We have jurisdiction over this appeal pursuant to 28 U.S.C. § 1291, and we exercise plenary review over the District Court’s legal conclusions and review its factual findings for clear error. See Cradle v. United States ex rel. Miner, 290 F.3d 536, 538 (3d Cir. 2002) (per curiam).

“Motions pursuant to 28 U.S.C. § 2255 are the presumptive means by which federal prisoners can challenge their convictions or sentences[.]” Okereke v. United States, 307 F.3d 117, 120 (3d Cir. 2002). As we have explained, “under the explicit terms of 28 U.S.C. § 2255, unless a § 2255 motion would be ‘inadequate or ineffective,’ a habeas corpus petition under § 2241 cannot be entertained by the court.” Cradle, 290 F.3d at 538 (quoting § 2255(e) ). “A § 2255 motion is inadequate or ineffective only where the petitioner demonstrates that some limitation of scope or procedure would prevent a § 2255 proceeding from affording him a full hearing and adjudication of his wrongful detention claim.” Id. at 538. This exception is narrow and applies in only rare circumstances. See In re Dorsainvil, 119 F.3d 245, 251-52 (3d Cir. 1997); see also Bruce v. Warden Lewisburg USP, 868 F.3d 170, 180 (3d Cir. 2017).

In his § 2241 petition, Dusenbery argues that the Ohio and Florida drug trafficking statutes under which he was convicted are divisible and contain a broader range of drugs than has been included in the federal controlled substance schedule since 2010. For these reasons, he asserts that neither his Ohio nor his Florida conviction can be used as a predicate § 851 enhancement, and that he is, therefore, not subject to the sentencing enhancement. He purports to rely on Mathis, in which the Supreme Court stressed that, for purposes of applying the categorical (or modified categorical) approach, a statute is divisible only when it sets forth different elements delineating separate crimes, not when it sets forth different means of committing a single crime. See 136 S.Ct. at 2253.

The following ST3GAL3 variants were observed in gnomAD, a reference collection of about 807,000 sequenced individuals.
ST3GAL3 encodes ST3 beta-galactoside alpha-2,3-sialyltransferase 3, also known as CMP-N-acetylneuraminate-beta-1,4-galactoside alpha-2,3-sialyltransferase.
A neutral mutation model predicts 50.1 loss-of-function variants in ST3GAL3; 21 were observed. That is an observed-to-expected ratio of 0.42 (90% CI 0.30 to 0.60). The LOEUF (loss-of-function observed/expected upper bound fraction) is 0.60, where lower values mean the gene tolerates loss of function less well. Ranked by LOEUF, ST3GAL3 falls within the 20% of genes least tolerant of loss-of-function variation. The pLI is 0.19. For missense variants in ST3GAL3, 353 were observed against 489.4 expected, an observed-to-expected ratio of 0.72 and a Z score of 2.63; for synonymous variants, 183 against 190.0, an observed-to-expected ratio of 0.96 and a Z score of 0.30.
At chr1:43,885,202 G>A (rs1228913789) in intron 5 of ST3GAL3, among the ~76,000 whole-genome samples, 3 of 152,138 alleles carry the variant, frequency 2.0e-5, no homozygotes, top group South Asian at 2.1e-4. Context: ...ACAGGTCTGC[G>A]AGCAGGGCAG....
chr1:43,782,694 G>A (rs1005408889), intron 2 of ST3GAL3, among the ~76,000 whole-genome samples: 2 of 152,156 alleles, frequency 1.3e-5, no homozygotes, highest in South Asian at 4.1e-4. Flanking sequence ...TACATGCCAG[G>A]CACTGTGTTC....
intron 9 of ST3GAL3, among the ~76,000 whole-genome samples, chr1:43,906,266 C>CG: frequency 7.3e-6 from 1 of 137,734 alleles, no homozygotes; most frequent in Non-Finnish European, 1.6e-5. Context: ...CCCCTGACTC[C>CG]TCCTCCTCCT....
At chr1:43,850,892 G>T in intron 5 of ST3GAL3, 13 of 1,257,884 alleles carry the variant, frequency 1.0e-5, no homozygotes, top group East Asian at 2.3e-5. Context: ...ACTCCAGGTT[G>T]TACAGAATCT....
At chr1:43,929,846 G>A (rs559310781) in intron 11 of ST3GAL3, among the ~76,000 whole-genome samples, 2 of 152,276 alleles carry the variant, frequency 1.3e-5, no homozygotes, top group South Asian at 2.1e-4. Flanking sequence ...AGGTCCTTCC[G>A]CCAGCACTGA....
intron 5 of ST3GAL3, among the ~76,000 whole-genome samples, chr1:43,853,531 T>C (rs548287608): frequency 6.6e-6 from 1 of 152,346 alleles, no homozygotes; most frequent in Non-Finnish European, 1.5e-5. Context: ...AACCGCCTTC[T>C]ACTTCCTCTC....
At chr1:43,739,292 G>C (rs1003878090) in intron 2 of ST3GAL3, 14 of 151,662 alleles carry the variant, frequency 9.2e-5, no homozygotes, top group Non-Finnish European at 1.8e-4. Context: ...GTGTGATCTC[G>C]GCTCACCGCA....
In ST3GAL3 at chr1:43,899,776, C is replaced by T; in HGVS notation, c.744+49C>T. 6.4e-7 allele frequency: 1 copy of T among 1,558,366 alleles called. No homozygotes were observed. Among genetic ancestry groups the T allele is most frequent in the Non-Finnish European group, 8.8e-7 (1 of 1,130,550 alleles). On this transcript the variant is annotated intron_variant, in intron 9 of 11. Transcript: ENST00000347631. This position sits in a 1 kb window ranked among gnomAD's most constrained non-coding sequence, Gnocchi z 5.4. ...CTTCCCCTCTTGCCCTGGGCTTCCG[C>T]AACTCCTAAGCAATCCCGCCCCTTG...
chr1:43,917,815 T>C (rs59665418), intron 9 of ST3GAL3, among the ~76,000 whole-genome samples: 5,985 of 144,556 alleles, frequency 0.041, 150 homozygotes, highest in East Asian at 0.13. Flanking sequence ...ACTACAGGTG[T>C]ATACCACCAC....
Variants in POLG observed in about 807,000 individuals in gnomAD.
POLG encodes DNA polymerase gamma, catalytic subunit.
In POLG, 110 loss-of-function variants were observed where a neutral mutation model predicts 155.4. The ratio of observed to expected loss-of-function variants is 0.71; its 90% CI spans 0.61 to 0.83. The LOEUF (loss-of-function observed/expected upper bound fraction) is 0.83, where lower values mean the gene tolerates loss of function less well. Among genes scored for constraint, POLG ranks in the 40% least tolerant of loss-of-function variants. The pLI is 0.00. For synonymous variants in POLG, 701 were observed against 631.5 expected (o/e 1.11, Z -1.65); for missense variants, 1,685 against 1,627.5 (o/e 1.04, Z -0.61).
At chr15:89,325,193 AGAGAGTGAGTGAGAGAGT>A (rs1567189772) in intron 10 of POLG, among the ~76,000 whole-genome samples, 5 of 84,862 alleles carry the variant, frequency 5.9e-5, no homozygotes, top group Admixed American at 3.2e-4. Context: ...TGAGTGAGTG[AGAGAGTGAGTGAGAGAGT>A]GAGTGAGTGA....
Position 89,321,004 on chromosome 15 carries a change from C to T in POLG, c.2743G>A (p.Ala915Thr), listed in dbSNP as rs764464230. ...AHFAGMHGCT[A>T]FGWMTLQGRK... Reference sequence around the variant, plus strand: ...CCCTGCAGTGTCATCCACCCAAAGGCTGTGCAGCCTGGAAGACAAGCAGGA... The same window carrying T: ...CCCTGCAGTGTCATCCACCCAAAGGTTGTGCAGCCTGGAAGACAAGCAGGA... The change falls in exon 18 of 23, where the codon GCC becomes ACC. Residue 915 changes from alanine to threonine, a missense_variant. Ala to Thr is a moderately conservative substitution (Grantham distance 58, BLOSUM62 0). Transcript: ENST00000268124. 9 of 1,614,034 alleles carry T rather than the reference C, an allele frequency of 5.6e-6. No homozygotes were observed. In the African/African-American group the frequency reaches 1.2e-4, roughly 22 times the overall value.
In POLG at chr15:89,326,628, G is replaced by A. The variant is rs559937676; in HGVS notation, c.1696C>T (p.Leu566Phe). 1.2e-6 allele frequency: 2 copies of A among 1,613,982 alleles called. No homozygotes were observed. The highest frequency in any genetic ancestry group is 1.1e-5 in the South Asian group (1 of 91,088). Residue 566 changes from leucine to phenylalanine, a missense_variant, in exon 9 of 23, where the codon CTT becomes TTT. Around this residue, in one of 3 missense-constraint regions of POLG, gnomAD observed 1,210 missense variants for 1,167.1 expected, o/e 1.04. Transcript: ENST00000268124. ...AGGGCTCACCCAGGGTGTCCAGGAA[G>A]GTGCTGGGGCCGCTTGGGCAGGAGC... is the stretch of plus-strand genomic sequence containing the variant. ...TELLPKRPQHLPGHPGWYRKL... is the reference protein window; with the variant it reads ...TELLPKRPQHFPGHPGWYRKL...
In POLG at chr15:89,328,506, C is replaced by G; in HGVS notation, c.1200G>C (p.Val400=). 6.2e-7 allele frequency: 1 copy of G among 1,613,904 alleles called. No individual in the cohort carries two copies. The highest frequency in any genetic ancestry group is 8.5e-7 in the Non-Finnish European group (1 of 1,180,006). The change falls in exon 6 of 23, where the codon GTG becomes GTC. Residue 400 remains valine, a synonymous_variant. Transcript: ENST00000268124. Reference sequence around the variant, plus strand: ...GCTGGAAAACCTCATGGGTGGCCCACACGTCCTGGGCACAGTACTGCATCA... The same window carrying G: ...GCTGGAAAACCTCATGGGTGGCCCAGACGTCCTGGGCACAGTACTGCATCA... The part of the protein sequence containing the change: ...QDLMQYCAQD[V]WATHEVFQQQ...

The District Court properly rejected the petition. We have not held that claims challenging the application of a sentencing enhancement fall within the exception to the rule that habeas claims must be brought in § 2255 motions. See, e.g., Gardner v. Warden Lewisburg USP, 845 F.3d 99, 103 (3d Cir. 2017). And, in any event, Dusenbery has not shown that Mathis constituted an intervening change in law which made available to him the argument that he presents here, that the Ohio and Florida lists of controlled substances contain a broader range of drugs than the federal controlled substance schedule such that neither the Ohio nor the Florida conviction can be used as a predicate § 851 enhancement.

Accordingly, we will affirm the judgment of the District Court.


1.   See Dusenbery v. United States, Nos. 5:00-cv-01781, 5:91-cr-00291, 2000 WL 33964135, *1-2 (N.D. Ohio Oct. 31, 2000), for a complete review of this procedural history.